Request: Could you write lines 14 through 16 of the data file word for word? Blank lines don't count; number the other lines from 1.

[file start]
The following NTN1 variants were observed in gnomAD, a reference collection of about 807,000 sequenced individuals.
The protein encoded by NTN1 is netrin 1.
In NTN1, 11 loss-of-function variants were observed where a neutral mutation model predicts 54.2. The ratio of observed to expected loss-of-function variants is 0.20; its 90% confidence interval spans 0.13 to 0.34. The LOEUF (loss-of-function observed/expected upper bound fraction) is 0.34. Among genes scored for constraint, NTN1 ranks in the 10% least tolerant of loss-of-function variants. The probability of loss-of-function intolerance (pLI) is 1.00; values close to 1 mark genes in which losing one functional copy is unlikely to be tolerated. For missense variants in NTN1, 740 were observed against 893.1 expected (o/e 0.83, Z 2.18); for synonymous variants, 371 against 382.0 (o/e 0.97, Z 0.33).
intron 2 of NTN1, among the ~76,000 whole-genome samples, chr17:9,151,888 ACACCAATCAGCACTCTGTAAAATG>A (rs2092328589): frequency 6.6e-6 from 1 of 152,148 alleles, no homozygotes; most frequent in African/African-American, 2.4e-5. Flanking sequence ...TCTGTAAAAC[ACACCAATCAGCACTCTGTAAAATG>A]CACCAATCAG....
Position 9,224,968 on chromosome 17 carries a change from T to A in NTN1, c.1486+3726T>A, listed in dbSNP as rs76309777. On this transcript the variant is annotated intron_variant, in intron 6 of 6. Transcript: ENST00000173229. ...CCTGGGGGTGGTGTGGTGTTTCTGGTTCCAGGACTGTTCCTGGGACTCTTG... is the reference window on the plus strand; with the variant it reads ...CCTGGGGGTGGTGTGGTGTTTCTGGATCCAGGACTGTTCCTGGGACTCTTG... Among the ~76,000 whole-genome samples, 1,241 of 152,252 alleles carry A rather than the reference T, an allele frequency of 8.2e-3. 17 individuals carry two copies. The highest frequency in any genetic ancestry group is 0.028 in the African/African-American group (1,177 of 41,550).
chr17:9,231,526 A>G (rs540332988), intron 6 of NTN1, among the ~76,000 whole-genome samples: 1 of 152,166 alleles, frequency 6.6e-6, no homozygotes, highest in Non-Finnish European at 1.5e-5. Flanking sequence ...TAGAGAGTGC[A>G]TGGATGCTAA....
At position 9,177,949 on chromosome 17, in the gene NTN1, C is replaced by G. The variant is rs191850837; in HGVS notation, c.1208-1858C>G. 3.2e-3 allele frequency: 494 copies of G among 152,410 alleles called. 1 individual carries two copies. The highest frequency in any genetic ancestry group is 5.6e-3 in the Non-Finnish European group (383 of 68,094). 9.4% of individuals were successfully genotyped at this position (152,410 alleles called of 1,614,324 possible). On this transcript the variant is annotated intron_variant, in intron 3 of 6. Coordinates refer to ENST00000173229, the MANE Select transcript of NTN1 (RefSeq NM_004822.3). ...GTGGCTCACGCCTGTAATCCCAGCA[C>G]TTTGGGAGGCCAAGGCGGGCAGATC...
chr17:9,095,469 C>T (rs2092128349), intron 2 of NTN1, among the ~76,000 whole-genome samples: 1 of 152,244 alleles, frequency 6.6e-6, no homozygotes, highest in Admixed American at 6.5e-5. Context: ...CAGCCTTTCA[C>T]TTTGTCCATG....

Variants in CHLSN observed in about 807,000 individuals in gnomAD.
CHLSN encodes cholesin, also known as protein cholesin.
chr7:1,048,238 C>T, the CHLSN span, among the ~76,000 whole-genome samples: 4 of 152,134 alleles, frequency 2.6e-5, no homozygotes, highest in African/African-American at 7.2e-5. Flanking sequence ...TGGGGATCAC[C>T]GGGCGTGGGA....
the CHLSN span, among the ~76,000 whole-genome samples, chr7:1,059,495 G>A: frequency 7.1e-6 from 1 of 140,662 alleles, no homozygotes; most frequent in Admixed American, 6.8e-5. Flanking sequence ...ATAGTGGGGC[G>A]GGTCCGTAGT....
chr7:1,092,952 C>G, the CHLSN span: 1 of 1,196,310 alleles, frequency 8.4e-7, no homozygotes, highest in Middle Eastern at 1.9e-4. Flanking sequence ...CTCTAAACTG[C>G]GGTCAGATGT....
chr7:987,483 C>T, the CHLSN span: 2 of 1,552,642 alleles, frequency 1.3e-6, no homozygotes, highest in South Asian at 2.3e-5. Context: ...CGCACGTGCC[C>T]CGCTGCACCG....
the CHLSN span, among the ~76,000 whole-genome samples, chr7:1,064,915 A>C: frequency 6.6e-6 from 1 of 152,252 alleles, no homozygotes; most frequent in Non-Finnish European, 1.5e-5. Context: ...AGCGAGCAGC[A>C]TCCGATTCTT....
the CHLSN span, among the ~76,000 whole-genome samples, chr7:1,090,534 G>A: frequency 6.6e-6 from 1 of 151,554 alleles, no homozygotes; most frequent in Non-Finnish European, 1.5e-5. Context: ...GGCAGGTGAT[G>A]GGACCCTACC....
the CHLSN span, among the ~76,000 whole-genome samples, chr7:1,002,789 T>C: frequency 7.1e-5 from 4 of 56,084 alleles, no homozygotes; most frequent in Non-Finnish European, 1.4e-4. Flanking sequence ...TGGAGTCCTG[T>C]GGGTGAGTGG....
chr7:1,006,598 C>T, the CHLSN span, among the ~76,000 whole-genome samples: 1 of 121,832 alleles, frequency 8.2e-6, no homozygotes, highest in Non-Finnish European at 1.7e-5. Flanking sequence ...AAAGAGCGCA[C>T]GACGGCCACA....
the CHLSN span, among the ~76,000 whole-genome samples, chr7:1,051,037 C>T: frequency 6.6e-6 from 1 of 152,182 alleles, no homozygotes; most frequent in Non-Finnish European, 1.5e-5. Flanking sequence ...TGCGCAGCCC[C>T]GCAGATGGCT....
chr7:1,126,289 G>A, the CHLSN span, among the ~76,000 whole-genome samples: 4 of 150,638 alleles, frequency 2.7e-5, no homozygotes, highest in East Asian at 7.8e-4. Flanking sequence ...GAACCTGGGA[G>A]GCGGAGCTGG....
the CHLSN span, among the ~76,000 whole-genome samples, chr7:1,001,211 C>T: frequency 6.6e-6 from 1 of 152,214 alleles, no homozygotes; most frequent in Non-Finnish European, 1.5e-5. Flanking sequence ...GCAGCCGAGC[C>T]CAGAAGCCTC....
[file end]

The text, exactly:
chr7:987,483 C>T, the CHLSN span: 2 of 1,552,642 alleles, frequency 1.3e-6, no homozygotes, highest in South Asian at 2.3e-5. Context: ...CGCACGTGCC[C>T]CGCTGCACCG....
the CHLSN span, among the ~76,000 whole-genome samples, chr7:1,064,915 A>C: frequency 6.6e-6 from 1 of 152,252 alleles, no homozygotes; most frequent in Non-Finnish European, 1.5e-5. Context: ...AGCGAGCAGC[A>C]TCCGATTCTT....
the CHLSN span, among the ~76,000 whole-genome samples, chr7:1,090,534 G>A: frequency 6.6e-6 from 1 of 151,554 alleles, no homozygotes; most frequent in Non-Finnish European, 1.5e-5. Context: ...GGCAGGTGAT[G>A]GGACCCTACC....